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computing curvatures of the line feature along and transverse to the line direction due to an elastic deformation caused by a change in temperature based on an elastic deformation model;
comparing computed curvatures to the measured curvatures to determine curvature differences; and
extracting information about the line feature based on the curvature differences.
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22. A method, comprising:
illuminating an optical probe beam onto a substrate before a film is deposited to simultaneously measure curvatures of an illuminated area of the substrate based on spatial gradient information in a reflected probe beam;
depositing the film on the substrate;
illuminating an optical probe beam onto the film to simultaneously measure curvatures of the illuminated area of the film based on spatial gradient information in a reflected probe beam;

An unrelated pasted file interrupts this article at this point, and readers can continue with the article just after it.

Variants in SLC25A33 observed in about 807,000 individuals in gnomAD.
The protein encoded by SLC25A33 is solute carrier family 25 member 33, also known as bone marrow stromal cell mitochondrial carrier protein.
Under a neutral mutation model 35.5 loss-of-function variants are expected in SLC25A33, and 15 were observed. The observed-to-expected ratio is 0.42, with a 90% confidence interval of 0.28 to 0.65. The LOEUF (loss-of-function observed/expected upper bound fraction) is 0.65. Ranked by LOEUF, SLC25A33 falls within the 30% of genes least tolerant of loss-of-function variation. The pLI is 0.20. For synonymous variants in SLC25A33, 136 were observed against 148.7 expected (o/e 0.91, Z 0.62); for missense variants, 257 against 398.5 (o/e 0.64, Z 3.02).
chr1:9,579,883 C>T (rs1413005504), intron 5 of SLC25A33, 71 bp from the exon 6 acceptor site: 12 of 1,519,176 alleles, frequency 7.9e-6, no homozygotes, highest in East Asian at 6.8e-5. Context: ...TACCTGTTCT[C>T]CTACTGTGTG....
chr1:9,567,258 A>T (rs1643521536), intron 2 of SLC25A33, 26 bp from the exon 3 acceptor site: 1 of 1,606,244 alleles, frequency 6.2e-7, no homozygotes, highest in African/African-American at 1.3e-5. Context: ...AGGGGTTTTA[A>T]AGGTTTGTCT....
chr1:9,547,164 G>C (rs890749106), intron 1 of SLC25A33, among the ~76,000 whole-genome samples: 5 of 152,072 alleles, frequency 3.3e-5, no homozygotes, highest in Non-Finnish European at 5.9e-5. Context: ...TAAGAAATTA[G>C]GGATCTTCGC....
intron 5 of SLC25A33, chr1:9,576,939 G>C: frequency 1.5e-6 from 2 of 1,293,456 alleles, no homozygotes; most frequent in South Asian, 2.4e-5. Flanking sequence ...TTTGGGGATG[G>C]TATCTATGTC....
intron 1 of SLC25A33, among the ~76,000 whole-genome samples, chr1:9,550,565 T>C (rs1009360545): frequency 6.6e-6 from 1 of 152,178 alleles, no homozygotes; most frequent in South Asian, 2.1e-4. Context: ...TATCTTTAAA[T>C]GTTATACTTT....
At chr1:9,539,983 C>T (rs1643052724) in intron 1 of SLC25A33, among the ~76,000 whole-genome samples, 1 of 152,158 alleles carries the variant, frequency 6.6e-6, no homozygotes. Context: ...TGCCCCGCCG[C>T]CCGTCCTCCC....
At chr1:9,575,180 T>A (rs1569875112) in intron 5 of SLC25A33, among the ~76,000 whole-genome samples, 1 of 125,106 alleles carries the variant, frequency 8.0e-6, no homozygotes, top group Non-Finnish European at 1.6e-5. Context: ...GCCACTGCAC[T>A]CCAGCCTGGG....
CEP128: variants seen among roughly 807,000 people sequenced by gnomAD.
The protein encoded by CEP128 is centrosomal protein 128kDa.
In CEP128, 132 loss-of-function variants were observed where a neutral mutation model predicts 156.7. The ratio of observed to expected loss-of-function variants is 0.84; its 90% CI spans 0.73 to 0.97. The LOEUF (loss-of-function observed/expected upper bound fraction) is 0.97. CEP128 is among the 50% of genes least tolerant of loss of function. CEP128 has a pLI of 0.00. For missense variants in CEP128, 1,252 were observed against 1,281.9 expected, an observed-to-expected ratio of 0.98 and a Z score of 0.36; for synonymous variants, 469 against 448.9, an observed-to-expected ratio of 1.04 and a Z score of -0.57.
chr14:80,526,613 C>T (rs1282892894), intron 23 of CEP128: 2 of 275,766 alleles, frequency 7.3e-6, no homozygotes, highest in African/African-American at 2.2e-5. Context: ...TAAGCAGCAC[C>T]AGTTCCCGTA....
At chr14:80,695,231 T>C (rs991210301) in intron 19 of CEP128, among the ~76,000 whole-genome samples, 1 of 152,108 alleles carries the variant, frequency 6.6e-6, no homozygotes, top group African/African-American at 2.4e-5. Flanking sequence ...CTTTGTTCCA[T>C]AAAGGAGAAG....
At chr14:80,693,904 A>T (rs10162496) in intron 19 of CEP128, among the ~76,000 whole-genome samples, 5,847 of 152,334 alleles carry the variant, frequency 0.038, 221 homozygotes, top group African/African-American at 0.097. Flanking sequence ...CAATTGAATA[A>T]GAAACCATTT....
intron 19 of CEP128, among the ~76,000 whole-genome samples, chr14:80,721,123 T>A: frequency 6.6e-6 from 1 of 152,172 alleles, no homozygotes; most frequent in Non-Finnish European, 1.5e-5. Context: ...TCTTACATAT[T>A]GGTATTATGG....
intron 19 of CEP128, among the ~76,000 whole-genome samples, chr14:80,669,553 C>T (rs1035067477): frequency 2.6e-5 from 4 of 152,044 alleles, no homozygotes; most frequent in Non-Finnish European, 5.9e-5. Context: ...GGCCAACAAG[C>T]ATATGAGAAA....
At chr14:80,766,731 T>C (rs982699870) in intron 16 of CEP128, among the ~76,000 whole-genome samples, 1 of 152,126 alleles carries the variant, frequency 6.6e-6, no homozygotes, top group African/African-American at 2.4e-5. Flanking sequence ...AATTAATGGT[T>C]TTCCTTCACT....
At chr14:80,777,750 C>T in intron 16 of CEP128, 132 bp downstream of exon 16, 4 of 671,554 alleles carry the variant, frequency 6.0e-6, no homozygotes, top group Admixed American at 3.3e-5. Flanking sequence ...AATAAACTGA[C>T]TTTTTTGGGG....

determining stress information of the deposited film based on measured curvatures of the film and the substrate; and
using an analytical function to determine stresses on a line feature to be patterned from the film.
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comparing the measured stresses on the line feature to an acceptable maximum stress; and
terminating further processing of the substrate when a measured stress on the line feature exceeds the acceptable maximum stress.
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splitting a portion of the reflected probe beam to produce a second reflected probe beam;
using third and fourth gratings, spaced in an optical path of the second reflected probe beam whose grating directions are parallel along a second direction different from the first direction, to produce a phase shift; and
processing phase shifts in the reflected probe beam and the second reflected probe beam to produce the curvatures of the substrate and the film.
29. A method, comprising:
illuminating an optical beam to simultaneously measure curvatures of a film deposited on a substrate at a range of temperatures;